“To sanctify something means to separate and prepare it that it may be presented and offered to God. This is more precisely defined in the conception of sacrifice. The exhortation which is grounded upon the mercies of God and is directed towards men is summed up in the demand that men should present their bodies—that is, their concrete, observable, historical existence—as a sacrifice. Now, sacrifice means surrender; it means an unconditional gift; it means the renunciation of men in favour of God. If men are themselves the object to be surrendered, renounced, and given up, their sacrifice can mean nothing less than the relentless acknowledgement of that questionableness and confiscation which occurs when they are confronted by the unfathomable God; the sacrifice which they have to offer by means of an ever-renewed, but never completed, return to His mercy and freedom…”—431, Barth, Romans

There is always the temptation to think that we can give Christ our spirit and keep our bodies for ourselves. Our Bodies too belong to Him.


Worship: The Living Sacrifice I happen to have an advance copy of next week’s Christian Standard. As I looked through it I happened upon an article that I was certain I was going to reject out of hand before even reading it. Then I did something silly: I read it. And I liked it. The article in question is by a woman named Mandy Smith. I’d like to share some of her thoughts with you.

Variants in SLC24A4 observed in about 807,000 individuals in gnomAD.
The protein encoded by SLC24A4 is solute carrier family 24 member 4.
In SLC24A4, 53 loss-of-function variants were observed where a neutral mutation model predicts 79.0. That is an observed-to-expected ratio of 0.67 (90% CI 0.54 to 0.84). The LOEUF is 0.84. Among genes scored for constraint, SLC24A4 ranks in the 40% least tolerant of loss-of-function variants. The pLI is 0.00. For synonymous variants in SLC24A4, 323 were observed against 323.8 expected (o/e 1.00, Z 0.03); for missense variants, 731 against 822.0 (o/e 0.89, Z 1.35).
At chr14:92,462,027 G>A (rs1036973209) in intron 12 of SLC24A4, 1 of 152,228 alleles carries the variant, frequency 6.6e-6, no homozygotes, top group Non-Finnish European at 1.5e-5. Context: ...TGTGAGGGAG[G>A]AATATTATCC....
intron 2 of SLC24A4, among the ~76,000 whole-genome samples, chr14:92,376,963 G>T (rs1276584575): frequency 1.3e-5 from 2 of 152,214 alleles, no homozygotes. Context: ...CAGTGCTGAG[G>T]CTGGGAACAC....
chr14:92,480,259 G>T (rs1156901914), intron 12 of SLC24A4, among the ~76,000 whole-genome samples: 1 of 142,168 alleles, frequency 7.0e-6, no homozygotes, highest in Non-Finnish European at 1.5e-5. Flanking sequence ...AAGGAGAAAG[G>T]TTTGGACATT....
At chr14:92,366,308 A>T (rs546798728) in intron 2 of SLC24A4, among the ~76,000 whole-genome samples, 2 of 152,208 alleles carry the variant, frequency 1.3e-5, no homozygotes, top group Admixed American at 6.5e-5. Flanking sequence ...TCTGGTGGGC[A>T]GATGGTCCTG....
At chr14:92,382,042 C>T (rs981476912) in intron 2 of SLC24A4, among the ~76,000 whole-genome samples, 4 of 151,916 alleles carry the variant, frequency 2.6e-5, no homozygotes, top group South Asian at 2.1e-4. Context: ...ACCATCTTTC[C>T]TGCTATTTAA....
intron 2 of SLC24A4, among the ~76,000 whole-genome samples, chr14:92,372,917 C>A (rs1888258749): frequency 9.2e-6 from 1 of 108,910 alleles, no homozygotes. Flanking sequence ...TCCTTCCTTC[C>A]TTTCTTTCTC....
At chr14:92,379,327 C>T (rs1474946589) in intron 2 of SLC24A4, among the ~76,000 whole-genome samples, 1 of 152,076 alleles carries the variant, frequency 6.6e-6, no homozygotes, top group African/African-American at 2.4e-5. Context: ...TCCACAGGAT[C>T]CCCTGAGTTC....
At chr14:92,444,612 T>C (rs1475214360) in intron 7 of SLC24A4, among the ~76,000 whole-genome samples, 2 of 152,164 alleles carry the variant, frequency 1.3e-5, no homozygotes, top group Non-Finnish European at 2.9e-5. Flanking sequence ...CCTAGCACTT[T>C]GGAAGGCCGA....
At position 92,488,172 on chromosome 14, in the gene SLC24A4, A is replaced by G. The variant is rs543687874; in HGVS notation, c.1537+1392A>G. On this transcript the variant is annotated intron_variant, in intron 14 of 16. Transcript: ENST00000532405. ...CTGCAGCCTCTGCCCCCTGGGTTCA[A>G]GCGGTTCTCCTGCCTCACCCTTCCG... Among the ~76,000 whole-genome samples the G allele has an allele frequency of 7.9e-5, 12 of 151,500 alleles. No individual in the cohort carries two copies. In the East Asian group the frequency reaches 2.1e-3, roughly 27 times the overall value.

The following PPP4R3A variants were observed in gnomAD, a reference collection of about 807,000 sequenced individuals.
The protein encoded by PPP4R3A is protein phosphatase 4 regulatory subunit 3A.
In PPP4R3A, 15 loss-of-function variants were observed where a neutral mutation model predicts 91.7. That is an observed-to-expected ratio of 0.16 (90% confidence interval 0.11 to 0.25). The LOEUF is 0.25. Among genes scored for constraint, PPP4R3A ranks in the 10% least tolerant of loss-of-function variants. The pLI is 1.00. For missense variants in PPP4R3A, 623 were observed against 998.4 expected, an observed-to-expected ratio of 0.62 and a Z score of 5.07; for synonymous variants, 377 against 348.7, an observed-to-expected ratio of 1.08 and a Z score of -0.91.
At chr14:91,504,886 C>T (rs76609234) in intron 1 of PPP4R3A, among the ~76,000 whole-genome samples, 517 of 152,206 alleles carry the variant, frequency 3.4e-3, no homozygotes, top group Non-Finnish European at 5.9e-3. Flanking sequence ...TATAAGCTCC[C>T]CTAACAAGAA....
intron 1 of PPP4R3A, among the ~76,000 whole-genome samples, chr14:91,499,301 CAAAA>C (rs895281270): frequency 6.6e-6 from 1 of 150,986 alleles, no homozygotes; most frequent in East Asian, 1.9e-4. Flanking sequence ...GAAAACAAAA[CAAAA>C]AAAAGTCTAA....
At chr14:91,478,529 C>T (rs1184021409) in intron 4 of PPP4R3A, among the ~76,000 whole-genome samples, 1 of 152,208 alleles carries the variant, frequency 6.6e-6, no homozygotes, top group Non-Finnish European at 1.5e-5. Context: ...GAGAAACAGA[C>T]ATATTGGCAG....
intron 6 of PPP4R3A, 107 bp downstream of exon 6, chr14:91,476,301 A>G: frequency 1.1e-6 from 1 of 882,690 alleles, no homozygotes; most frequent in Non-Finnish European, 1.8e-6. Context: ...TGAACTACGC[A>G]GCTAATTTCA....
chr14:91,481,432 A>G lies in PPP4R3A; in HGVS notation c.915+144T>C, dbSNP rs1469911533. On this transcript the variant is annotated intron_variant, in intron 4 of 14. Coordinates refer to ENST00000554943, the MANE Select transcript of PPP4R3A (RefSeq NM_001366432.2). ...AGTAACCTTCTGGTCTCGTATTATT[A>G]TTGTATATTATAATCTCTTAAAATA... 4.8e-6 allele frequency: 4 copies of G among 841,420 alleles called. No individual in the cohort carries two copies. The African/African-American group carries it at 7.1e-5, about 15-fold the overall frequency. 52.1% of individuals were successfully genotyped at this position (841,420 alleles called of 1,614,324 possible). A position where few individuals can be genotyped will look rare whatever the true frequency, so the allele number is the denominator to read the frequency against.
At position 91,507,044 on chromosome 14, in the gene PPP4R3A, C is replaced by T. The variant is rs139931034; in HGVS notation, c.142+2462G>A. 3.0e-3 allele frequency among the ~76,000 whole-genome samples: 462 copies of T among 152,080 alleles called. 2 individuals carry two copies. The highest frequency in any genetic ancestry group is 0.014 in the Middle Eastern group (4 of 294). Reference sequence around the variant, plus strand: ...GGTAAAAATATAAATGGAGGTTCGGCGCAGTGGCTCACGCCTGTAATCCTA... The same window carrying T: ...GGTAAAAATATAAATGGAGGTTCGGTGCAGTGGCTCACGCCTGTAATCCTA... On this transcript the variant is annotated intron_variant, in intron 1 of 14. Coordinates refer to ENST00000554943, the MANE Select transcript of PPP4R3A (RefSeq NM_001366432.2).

‘Paul doesn’t talk a lot about worship, but when he does it’s usually in the context of the Jewish tradition, in discussions about circumcision and sacrifices. That is understandable, since the Old Testament sense of worship had a good deal to do with sacrifice. As worshipers brought sacrifices from their fields and flocks, they brought together everyday life and spiritual practices, the products of daily work into sacred space.

‘Unfortunately, in our contemporary setting, we have separated worship from daily life. In Romans 12:1, however, Paul provides a new pattern for worship (new for first-century believers and new for us): “Therefore, I urge you, brothers, in view of God’s mercy, to offer your bodies as living sacrifices, holy and pleasing to God—this is your spiritual act of worship.” Instead of offering dead animals, we are now to offer up our very lives, which are more valuable to God because they allow us to offer ongoing acts of sacrifice. [My emphasis.]